Rural Prosperity Nebraska program helps market become reality

by Russell Shaffer | Rural Prosperity Nebraska

Amparito’s Market. 648 N. 27th in Lincoln, opened in May, following extensive assistance from Rural Prosperity Nebraska’s Latino Small Business Program.
Image Credit: 
Craig Chandler | University Communication and Marketing
Amparito’s Market, at 648 N. 27th in Lincoln, opened in May, following extensive assistance from Rural Prosperity Nebraska’s Latino Small Business Program.
July 18, 2023

It’s an uncommon experience to walk into a grocery store and feel at home. But that’s exactly the atmosphere Amparito’s Market in Lincoln is striving for. On the outside, the market looks like any other grocery store. But when you walk down the aisles, you notice that few of the products originate in the United States.

“Amparito’s Market is something that we wanted to bring into Lincoln to provide connection,” said Raul Sarmiento Jr., son of owner Raul Sarmiento. “A connection, because customers can find here what they can find in their home countries.”

The import store opened in May, following extensive assistance from Rural Prosperity Nebraska’s Latino Small Business Program. The store is stocked with products from Colombia, Guatemala, Mexico and other Central and South American countries, the labels written in Spanish first, then English.

“We want people to feel welcome, like they’re walking into their country somehow,” Raul Jr. said.

The Sarmientos emigrated from Bucaramanga, Colombia, to Lincoln in 2016 with only the luggage they could carry. While they found work relatively quickly, they struggled to acclimate to their new surroundings and culture, an experience not lost on Raul Sr. when he decided to open his store. When he created his business plan, family was central. Not only is the market named after his wife, Amparo, but his brother-in-law is the butcher; his daughter and nephew run the counter; and Raul Jr., who works full time at Union Bank and Trust as the multicultural banking officer, handles public relations for the store.

In addition, Amparito’s houses a monetary wiring office, where customers can transfer money to their families in their home countries — just another way to help people feel connected, Raul Jr. said.

“It’s really hard sometimes to get acclimated, to find that trust in somebody to guide you in your first steps,” he said. “We want to be that for the community.”

Headway for the store began in August 2022 when Raul Sr. and Amparo met with Sandra Barrera, the Rural Prosperity Nebraska Extension educator who oversees the Latino Small Business Program. Barrera helped the Sarmientos not only with their business plan, but with filing paperwork with the IRS, arranging inspections, ordering supplies and even securing a location.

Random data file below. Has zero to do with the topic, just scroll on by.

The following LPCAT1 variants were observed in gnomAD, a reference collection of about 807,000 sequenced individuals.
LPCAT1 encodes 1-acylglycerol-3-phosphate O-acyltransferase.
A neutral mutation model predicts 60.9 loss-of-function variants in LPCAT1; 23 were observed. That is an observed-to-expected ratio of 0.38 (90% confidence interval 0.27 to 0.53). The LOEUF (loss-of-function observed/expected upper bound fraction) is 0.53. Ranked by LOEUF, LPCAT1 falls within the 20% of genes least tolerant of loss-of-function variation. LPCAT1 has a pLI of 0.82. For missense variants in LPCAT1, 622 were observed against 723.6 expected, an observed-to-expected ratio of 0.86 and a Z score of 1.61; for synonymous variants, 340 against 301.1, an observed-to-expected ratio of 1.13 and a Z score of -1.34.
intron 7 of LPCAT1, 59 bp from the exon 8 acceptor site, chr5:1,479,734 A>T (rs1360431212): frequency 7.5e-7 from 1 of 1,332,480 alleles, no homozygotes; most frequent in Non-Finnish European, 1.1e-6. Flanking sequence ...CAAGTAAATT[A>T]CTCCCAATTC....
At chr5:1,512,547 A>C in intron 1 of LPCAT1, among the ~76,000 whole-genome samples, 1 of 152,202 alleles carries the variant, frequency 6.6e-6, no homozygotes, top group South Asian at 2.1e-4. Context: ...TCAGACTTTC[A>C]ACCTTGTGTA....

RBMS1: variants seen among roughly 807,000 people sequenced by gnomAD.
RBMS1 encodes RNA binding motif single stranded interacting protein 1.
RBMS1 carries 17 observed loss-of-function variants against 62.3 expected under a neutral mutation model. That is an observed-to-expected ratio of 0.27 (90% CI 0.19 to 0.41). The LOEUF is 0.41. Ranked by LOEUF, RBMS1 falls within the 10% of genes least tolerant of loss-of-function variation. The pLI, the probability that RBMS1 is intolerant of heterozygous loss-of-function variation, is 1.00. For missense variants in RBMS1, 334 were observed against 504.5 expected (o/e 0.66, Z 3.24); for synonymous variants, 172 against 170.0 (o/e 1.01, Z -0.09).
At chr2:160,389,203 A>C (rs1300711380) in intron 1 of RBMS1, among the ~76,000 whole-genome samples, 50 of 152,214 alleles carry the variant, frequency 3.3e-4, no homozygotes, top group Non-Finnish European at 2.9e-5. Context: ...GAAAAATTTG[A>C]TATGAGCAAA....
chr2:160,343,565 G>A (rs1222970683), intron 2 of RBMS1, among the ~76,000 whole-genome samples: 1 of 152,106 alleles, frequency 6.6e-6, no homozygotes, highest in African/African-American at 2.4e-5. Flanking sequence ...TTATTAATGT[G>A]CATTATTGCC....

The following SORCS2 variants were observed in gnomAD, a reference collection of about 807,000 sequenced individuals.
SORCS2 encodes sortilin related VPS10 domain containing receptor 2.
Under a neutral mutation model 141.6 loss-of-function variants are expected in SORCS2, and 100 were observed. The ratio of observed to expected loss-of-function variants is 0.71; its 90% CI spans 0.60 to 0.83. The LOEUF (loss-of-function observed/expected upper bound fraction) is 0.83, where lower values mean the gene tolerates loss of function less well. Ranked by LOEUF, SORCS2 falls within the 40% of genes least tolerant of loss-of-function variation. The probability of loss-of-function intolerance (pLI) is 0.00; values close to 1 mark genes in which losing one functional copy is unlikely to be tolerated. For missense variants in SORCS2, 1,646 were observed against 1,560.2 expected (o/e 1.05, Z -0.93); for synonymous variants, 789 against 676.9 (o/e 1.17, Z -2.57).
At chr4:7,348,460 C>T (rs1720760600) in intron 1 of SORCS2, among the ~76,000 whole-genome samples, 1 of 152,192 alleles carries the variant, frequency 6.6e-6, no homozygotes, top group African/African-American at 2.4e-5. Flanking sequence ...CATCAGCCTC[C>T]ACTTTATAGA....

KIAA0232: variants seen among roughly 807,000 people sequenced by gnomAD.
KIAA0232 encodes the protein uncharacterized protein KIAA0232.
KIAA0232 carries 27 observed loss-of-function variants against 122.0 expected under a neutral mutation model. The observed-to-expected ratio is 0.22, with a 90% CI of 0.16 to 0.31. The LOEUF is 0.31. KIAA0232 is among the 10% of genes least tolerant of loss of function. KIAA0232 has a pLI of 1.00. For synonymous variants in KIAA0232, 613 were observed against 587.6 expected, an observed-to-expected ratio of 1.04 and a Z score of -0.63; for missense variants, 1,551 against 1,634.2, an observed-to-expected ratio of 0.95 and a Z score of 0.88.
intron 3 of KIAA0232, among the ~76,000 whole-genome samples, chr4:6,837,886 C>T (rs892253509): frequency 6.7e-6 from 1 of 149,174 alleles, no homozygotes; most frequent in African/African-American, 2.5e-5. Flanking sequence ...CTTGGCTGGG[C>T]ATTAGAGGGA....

“When we started, she gave us a little map — this is where you start, this is where you finish,” Raul Jr. said. “That was one of the moments when it was kind of eye-opening, because you go anywhere to register your business, and they charge you like $1,000 or something. Sandra does it for free. And not only that, but she provides education and resources for your business to be successful.”

The Latino Small Business Program provides business development guidance to immigrant entrepreneurs looking to create their own businesses in Nebraska. From drafting proposals to cutting the red ribbon, Barrera offers expert advice and connects business owners with local city governments, for free and in Spanish. In 2023 alone, Barrera has helped 145 entrepreneurs start their businesses and 354 already-existing businesses secure LLC status. For those looking to create their own food-centered business, Barrera also hosts monthly food safety courses in Spanish.

The Sarmientos embraced Barrera’s council, not only securing pre-packaged products through distributors, but including a fresh butcher, and dairy and bread products from other immigrant-owned businesses in southeast Nebraska.

Barrera said: “When we were talking about the business plan, I said, ‘You have to offer the five food groups.’ So now when I go there, I’m able to find everything — proteins, fruits, vegetables, milk and grains. They offer everything in one place.”

For Raul Jr. and his family, they see that “one place” not so much as a grocery store, but a cultural center for the community. Part of the reason for founding the store was not only to provide immigrants with products from their own countries, but share what is special to them with Nebraskans.

“I would like to take the opportunity here to invite everyone to come share a little of our culture,” Raul Jr. said. “We want to be a community resource. If you just got here, or you’ve been here, and you feel like you need help with something, come here. We’ll help you.”

After visiting the store for the first time, Barrera emphasized that feeling of collaboration and connection the Sarmientos are striving for.

“I feel at home when I am there,” she said.

Amparito’s Market, 648 N. 27th St. in Lincoln, is open 9 a.m. to 9 p.m. Monday through Saturday and 10 a.m. to 9 p.m. Sundays.

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